CIA spying base was destroyed in attacks

War against terror: Ground Zero
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The Independent US

The CIA's undercover station in New York, which played an important role in many years of spying on the Russians, was destroyed on 11 September, it was reported yesterday.

The base was located in one of the smaller towers of the World Trade Centre, destroyed as the taller towers fell.

No staff were killed but intelligence operations were seriously disrupted, The New York Times reported. It described staff members hunting around in the rubble for their computers and paperwork.

The station was used mainly as a base to spy on the United Nations and recruit foreign diplomats working there. It was believed to be the largest and most important CIA station outside Washington. It also played an important role in tracking Russian intelligence officers, many of whom were allegedly at the UN in diplomatic posts.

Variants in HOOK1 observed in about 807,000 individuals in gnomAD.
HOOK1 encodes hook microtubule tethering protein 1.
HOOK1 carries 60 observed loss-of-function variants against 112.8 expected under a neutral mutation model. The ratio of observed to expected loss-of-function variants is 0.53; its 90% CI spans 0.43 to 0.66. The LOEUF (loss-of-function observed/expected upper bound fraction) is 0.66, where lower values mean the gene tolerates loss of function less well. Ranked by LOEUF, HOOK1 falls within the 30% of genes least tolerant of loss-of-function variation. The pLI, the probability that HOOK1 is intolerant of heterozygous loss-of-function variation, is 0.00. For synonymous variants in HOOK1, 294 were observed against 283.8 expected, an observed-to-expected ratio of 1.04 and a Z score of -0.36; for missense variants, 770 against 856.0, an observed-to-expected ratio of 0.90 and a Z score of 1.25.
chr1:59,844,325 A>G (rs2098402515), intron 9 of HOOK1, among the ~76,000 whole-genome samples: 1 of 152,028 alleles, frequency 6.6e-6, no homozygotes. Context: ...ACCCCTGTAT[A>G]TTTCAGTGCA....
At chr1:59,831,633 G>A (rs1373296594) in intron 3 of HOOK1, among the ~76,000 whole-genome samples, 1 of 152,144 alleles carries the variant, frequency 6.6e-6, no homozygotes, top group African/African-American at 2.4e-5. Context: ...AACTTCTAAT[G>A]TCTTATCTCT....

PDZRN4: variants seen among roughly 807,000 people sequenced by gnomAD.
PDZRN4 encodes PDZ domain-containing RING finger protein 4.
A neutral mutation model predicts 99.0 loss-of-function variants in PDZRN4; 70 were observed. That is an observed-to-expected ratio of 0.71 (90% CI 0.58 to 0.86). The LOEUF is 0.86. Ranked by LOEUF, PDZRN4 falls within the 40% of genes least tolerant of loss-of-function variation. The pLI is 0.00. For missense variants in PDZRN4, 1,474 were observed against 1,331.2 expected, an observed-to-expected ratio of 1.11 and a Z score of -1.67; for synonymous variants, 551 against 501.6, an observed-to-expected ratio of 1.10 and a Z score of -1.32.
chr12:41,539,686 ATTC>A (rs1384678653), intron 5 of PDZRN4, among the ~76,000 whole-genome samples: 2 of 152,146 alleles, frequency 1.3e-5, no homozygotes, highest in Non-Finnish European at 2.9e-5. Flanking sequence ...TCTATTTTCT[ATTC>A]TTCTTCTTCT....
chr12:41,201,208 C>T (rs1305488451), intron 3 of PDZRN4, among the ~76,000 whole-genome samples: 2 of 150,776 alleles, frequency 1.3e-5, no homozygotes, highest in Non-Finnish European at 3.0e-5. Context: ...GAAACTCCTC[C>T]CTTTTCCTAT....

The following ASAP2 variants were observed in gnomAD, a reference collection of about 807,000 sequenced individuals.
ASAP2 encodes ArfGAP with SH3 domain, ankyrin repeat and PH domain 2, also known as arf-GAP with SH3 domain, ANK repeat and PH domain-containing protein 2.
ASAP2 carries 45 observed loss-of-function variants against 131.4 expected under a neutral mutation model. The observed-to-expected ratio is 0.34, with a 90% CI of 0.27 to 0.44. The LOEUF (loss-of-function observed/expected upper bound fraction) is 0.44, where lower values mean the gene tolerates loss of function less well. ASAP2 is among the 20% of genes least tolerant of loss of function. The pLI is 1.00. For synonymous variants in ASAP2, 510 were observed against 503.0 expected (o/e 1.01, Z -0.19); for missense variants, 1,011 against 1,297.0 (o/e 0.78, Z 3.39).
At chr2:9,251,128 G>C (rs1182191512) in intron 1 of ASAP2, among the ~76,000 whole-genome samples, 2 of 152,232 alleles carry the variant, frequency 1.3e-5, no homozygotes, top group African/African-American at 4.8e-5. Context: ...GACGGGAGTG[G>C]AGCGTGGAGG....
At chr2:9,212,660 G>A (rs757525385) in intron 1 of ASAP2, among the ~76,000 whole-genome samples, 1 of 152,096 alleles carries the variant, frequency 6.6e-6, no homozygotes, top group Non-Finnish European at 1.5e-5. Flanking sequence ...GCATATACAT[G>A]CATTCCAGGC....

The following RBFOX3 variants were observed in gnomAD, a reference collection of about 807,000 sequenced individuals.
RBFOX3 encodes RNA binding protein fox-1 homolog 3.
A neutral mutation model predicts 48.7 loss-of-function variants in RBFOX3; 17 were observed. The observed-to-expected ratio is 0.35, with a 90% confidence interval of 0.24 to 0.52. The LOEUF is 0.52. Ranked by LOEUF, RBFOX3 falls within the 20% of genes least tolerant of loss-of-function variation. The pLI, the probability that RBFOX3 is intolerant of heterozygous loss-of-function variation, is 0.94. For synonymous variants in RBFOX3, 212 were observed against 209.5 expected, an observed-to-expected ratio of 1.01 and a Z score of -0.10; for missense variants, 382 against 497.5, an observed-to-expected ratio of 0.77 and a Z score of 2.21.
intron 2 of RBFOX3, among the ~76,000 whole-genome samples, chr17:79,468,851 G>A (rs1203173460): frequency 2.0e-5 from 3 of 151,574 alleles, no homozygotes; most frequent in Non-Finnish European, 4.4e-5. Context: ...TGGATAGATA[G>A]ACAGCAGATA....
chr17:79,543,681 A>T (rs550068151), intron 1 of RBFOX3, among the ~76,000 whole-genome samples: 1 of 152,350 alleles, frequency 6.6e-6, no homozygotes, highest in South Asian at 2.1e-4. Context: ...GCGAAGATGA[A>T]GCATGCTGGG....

The newspaper said that the CIA staff, with their undercover station in ruins, have had to find new digs at the American mission to the United Nations and in other federal offices.

The station's destruction may have deepened the agency's poor morale, the newspaper said. Critics have described the failure to anticipate the 11 September bombing as an intelligence failure on the scale of Pearl Harbor.

However, job applications to join the CIA are reported to have risen sharply since the 11 September attacks and Congress is pouring funds into counter-intelligence operations.

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